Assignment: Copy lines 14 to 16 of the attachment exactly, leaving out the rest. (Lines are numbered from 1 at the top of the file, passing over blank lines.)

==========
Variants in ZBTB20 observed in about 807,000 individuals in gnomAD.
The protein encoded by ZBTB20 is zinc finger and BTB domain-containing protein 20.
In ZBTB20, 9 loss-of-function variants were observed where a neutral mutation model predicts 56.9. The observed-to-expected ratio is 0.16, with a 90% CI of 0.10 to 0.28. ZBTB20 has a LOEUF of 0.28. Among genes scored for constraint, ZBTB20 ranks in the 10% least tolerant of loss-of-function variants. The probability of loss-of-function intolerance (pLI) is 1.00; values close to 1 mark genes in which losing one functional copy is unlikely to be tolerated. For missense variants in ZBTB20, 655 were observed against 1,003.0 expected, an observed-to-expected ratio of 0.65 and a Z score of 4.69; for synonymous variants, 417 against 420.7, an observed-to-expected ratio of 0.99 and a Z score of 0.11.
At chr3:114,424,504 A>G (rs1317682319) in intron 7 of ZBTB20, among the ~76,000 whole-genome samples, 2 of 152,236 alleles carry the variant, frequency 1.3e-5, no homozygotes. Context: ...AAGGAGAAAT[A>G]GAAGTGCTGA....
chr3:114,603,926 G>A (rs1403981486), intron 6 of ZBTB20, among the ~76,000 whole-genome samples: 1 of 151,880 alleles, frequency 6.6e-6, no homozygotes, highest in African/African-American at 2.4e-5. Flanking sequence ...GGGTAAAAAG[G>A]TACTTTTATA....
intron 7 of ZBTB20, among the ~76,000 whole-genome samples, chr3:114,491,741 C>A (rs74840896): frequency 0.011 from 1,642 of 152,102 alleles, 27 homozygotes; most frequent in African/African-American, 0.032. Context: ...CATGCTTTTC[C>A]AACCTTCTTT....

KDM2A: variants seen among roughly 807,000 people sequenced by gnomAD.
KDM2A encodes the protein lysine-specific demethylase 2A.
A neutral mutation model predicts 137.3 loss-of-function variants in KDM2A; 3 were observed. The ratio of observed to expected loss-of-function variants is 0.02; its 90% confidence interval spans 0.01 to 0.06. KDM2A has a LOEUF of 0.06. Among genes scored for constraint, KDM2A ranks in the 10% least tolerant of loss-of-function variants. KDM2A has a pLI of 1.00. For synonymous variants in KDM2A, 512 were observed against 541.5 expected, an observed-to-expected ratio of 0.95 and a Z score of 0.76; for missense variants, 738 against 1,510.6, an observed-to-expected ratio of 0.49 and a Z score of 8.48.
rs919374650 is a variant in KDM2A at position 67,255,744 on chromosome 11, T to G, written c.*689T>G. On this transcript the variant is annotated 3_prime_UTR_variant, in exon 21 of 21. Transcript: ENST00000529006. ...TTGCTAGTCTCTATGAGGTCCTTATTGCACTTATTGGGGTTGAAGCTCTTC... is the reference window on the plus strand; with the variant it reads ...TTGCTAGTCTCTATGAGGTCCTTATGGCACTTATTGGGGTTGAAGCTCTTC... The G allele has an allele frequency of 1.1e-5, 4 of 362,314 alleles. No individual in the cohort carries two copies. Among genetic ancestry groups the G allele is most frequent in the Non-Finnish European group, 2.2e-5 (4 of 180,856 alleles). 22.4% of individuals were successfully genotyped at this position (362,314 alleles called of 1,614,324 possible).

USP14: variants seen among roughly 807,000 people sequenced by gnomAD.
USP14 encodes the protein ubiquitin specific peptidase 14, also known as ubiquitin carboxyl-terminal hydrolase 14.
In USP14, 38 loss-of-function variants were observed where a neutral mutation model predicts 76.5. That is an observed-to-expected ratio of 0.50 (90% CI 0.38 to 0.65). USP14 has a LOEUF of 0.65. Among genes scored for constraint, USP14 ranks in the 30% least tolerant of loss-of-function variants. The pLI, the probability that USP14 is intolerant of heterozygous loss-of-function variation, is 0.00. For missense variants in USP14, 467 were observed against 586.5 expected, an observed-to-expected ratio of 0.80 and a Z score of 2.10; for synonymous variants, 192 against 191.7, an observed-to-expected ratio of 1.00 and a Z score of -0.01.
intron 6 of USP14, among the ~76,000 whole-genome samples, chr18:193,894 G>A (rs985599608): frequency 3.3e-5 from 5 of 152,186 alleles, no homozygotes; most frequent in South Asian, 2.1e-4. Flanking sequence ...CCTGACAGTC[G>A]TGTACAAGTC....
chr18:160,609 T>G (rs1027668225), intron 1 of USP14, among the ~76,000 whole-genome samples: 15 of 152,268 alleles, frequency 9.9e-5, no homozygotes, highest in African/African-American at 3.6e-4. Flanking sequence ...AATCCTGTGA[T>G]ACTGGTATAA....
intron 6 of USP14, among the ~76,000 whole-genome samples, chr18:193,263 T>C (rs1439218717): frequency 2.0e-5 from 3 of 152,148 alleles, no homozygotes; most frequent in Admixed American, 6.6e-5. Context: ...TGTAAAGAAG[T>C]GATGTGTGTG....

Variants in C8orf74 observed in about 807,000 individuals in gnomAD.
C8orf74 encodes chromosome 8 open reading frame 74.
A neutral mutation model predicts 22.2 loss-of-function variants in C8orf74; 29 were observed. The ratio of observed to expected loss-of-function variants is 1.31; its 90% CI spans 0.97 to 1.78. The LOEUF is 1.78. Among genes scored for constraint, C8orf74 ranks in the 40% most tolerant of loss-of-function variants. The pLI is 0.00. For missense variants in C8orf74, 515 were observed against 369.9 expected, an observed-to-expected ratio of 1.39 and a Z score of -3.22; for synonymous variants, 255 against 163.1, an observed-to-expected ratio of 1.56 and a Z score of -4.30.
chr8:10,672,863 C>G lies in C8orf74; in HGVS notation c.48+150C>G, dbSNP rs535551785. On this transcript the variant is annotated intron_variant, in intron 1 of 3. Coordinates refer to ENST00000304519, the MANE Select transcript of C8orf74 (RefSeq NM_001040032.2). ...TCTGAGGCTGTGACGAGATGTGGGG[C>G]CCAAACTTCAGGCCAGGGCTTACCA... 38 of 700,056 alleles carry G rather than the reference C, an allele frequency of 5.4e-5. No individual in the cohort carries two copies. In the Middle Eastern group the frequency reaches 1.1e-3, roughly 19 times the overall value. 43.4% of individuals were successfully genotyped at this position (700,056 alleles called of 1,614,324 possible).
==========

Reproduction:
intron 6 of USP14, among the ~76,000 whole-genome samples, chr18:193,894 G>A (rs985599608): frequency 3.3e-5 from 5 of 152,186 alleles, no homozygotes; most frequent in South Asian, 2.1e-4. Flanking sequence ...CCTGACAGTC[G>A]TGTACAAGTC....
chr18:160,609 T>G (rs1027668225), intron 1 of USP14, among the ~76,000 whole-genome samples: 15 of 152,268 alleles, frequency 9.9e-5, no homozygotes, highest in African/African-American at 3.6e-4. Flanking sequence ...AATCCTGTGA[T>G]ACTGGTATAA....
intron 6 of USP14, among the ~76,000 whole-genome samples, chr18:193,263 T>C (rs1439218717): frequency 2.0e-5 from 3 of 152,148 alleles, no homozygotes; most frequent in Admixed American, 6.6e-5. Context: ...TGTAAAGAAG[T>C]GATGTGTGTG....